NATICK, Mass. (Nov. 18, 2013) -- Army Chief of Staff Gen. Raymond T. Odierno visited Natick Soldier Systems Center Friday to tour its facilities and learn more about the research and development done to keep Soldiers safe and provide them with a better quality of life during deployments.

Odierno was briefed on female body armor and body armor design enhancements, human systems performance, Soldier power, multi-functional fibers, vision protection, and the operational energy savings that the Army will realize from work done at Natick.

"What they do here is an incredibly important mission to the Army, as they continue to work what I consider to be our center of gravity, which is helping our Soldiers do their job," Odierno said. "That's something that will never change. The Army is about Soldiers. It's about their ability to perform and conduct their mission.

"This lab is focused on how they can do that better, how they can do it with less load, how they can do it in an expeditionary manner," he continued. "And everything that they do here adds to that. So it's a very, very important place in the Army, and the work they do here is critical for our future."

Odierno pointed out that Natick civilians and contractors persevered despite the recent furloughs and government shutdown.

"I wanted to personally thank them for their tremendous dedication to their mission, their dedication to our Army, and the dedication that they bring to their job every, single day," Odierno said. "They are a critical part of the Army. They are a critical part of the joint force, because much of the work they do here not only impacts the Army, but the other services, as well."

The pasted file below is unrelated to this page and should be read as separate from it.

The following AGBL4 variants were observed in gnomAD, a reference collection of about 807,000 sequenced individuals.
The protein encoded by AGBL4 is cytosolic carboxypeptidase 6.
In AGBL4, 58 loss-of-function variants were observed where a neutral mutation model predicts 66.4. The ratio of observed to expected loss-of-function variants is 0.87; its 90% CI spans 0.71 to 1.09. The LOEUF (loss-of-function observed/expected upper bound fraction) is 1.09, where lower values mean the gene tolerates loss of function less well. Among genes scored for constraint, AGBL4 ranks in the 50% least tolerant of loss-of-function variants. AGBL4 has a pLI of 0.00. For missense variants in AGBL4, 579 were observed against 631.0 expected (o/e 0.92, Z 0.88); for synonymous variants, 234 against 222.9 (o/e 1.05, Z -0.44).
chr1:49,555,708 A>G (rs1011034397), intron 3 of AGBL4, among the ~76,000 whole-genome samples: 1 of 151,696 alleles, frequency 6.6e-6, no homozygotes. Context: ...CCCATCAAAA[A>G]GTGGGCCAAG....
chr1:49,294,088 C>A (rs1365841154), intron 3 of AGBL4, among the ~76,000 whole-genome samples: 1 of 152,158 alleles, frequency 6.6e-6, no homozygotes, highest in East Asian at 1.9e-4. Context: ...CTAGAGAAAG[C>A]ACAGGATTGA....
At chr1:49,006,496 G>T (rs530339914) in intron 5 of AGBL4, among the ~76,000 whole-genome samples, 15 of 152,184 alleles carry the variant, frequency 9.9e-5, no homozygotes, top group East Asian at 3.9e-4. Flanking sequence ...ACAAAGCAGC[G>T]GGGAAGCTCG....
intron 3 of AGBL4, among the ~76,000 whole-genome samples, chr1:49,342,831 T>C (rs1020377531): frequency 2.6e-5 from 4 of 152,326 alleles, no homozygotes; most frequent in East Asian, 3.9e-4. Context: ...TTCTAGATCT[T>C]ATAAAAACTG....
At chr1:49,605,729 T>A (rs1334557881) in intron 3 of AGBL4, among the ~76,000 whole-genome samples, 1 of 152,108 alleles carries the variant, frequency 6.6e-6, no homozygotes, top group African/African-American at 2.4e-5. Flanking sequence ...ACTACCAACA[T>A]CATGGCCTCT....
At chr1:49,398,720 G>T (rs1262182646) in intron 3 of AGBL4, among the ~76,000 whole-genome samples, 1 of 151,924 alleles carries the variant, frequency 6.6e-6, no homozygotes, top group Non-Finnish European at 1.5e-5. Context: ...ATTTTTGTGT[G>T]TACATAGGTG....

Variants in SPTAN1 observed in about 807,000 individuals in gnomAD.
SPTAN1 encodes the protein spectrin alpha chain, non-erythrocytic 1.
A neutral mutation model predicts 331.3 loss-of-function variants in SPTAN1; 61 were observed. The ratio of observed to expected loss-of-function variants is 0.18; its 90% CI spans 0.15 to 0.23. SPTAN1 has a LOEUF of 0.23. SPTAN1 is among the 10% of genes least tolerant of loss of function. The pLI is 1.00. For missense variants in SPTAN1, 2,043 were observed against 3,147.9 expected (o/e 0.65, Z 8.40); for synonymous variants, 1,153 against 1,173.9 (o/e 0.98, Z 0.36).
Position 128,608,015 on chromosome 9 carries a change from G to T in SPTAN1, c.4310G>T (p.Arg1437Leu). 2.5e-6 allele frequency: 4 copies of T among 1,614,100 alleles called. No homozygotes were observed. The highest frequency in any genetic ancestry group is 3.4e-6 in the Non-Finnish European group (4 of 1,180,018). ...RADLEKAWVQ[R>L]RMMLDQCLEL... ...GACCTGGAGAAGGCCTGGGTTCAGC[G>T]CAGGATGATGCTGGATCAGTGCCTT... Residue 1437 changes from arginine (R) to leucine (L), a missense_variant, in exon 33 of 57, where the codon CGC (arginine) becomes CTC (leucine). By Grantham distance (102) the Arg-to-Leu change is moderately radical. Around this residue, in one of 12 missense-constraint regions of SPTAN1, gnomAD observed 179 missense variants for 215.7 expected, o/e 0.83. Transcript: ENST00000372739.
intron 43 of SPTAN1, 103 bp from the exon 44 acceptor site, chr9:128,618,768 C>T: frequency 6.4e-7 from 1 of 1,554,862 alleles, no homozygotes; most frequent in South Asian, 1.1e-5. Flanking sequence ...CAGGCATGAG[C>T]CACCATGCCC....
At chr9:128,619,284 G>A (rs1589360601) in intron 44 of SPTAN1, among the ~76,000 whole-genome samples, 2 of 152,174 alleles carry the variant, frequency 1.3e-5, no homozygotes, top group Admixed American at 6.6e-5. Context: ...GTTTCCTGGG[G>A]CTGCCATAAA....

Odierno learned how Natick Soldier Research, Development and Engineering Center used anthropometric surveys of Army and Marine Corps personnel, including three-dimensional scans of thousands of Soldiers and Marines, to help develop body armor designed for females. He also heard about the next generation of body armor.

At the Center for Military Biomechanics Research, he was briefed about the collaboration between NSRDEC and the U.S. Army Research Institute of Environmental Medicine, known as USARIEM, to conduct basic and applied research in biomechanics, including current work on physical fatigue and cognition.

USARIEM researchers told Odierno of their work to develop gender- and age-neutral physical performance standards and predictive performance tests for several combat-related military occupational specialties.

Later, he heard about NSRDEC's research into wireless power transmission technologies for Soldiers, fiber technologies that will respond to changes in temperature, fibers that actually can generate power, and the latest in vision protection to counteract battlefield threats.

Finally, Odierno was briefed on strides being made by Product Manager Force Sustainment Systems to reduce fuel and energy use at expeditionary base camps, which in turn will help keep convoys off the roads and Soldiers safer.

"All of these things are incredibly efficient as we look ahead, and that's what we need," Odierno said. "Those are the kind of technologies that we need, making our individual Soldier more effective, more efficient, better able to do (the) job."

Odierno expressed great interest in anything that would lighten a Soldier's load in the field, such as improved body armor.

"Having body armor that fits better and has better performance might not save direct money, but what it does do is allows our Soldiers to operate for longer periods of time without injury," Odierno said. "That's saving lots of money over time."

Odierno spoke of Natick's "bright future" and praised its "synergy" with academia and small businesses in the area.

"We couldn't replicate that anywhere else, or it would be very difficult to replicate that anywhere else," Odierno said. "In my mind, this is one of the key installations that we have, and it's our only footprint in this area, and that's important, as well, because this is such an important area for the Army. I can't foresee any circumstances that would cause us to walk away from it."